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How Not to Burn Out as a First Year Teacher

Teaching is not for the weak. It is a hard job and even the most resilient and passionate teachers can feel a little burnt out after a while. As a first year teacher, you might not be thinking that burning out is a possibility, but it happens. That's why we've gathered these tips to help you prevent the burn out and keep your passion for teaching strong.

Have a Personal Life - Outside of Work

Maintaining a steady personal life outside of your work will help tremendously in preventing becoming burnt out. Take part in social activities with friends, indulge in your hobbies, and make sure to nurture your personal relationships. And most importantly, when you're doing these things, don't think or talk about work!

Leave When You're Supposed To

Staying too late after school each and every day is a quick way to burn yourself out. If you are spending too much time in your classroom when you don't need to be will lead to dreading going to work. Make sure you make an effort not to stay later than you need to each day.

Spend Your Lunch Break Wisely

When it's break time, make it just that: break time. Spend your lunch break enjoying your lunch and the quiet time away from your students. You could catch up with your fellow co-workers or you could even go out to lunch. Either way, when you are on your lunch, be on break!

Make Friends

As a first year teacher making friends can ease your transition into your new school and help make the days easier as well. Friends can be helpful for advice and guidance as well as bring a bright spot of joy to your day. Get to know your fellow co-workers and make some friends. Bets are, they've felt burnt out before and they can give you a few tips to help you avoid it too!

Treat Yourself

Take some time to treat yourself and treat yourself well. It doesn't have to be an expensive night out or shopping trip - although if that's what you need to pamper yourself, go for it! Make sure you take time to relax and do something that is just for you. Don't wait until you're already feeling stressed or annoyed to do so. Instead make it a regular part of your schedule to do something for yourself.

Be Prepared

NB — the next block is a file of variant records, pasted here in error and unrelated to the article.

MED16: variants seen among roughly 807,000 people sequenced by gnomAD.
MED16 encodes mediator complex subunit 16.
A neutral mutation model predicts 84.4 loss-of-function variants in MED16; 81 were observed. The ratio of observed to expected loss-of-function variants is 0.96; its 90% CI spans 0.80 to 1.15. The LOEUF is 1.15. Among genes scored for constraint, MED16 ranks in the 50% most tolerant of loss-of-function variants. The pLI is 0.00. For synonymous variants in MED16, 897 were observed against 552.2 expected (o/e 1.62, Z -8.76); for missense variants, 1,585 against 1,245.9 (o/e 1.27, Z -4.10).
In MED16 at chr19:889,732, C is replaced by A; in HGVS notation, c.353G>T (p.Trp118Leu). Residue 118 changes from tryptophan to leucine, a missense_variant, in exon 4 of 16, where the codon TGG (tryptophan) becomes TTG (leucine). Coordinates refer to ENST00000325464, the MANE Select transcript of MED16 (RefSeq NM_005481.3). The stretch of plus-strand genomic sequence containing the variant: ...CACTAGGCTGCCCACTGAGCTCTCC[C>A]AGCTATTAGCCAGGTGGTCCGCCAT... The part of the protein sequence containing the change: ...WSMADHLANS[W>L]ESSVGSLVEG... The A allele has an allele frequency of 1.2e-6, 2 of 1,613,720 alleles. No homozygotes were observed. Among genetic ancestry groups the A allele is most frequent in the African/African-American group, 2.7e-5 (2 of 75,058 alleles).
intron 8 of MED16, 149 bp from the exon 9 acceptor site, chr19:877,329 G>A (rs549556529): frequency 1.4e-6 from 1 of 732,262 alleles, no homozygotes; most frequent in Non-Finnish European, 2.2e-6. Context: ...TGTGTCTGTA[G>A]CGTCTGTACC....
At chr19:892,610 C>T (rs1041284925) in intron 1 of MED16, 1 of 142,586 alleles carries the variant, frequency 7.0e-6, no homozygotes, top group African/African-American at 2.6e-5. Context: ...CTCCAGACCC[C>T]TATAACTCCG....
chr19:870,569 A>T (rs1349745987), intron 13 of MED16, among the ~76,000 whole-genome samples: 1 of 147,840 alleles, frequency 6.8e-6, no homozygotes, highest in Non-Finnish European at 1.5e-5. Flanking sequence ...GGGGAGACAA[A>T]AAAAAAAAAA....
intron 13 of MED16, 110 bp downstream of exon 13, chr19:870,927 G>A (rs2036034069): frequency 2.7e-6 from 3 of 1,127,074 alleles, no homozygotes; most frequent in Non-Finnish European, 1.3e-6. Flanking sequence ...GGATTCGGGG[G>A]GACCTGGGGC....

Being prepared for the week ahead can help you avoid any unnecessary stress. Take one day each week to plan for the upcoming week. Staying organized can help you be prepared and ready for the week to come.

Be Aware of the Warning Signs

Understanding what the signs of becoming stressed are, can help you stop it in its tracks. Some of the warning signs of becoming stressed include:
  • Irritability
  • Annoyance at little things
  • Quickened pulse
  • Shortness of breath
  • Feeling hot or beginning to sweat
When you begin to feel stressed out, take a time out! Get some fresh air, take some deep breaths, and/or count to ten to bring you back to your normal state.

Be Realistic

Being realistic is vital for a successful year. Nothing is going to be perfect: not your students, not your lesson plan, and certainly not you. Don't set unrealistic goals or expectations on yourself or your students to avoid being let down and further stressed out. Imperfection is a part of life and you should embrace it!

Set Boundaries Between Home and School

Make sure you set clear and rigid boundaries between your home life and your school life. While it is not easy to do at first, the more you make an effort to practice the ground rules you have set for yourself, the happier you will be.

Take Time to Nurture Your Mental Health

Your mental health is just as important as your physical health in avoiding becoming burned out. Take time to relax and unwind each day. It will help you reset your mind for the next day ahead and it will help you to avoid becoming too stressed out. Some tips to help you relax could include:
  • Meditating
  • Reading a favorite book
  • Watching TV
  • Taking a walk
  • Spending time with family or friends

In the end, your first year will be memorable, no matter where you end up teaching. Make sure to keep these tips in mind as you face your year ahead and you will be sure to keep your fire and passion for teaching alive and fresh for the next year ahead.

Laura Carter has decent experience in educational field. Right now she writes for higher education blog at http://dissertationwritingservices.org. She loves sharing her knowledge with other educators and passionate about learning new languages. Follow @carterlaura15 to hear more from her!



Internet4classrooms is a collaborative effort by Susan Brooks and Bill Byles.




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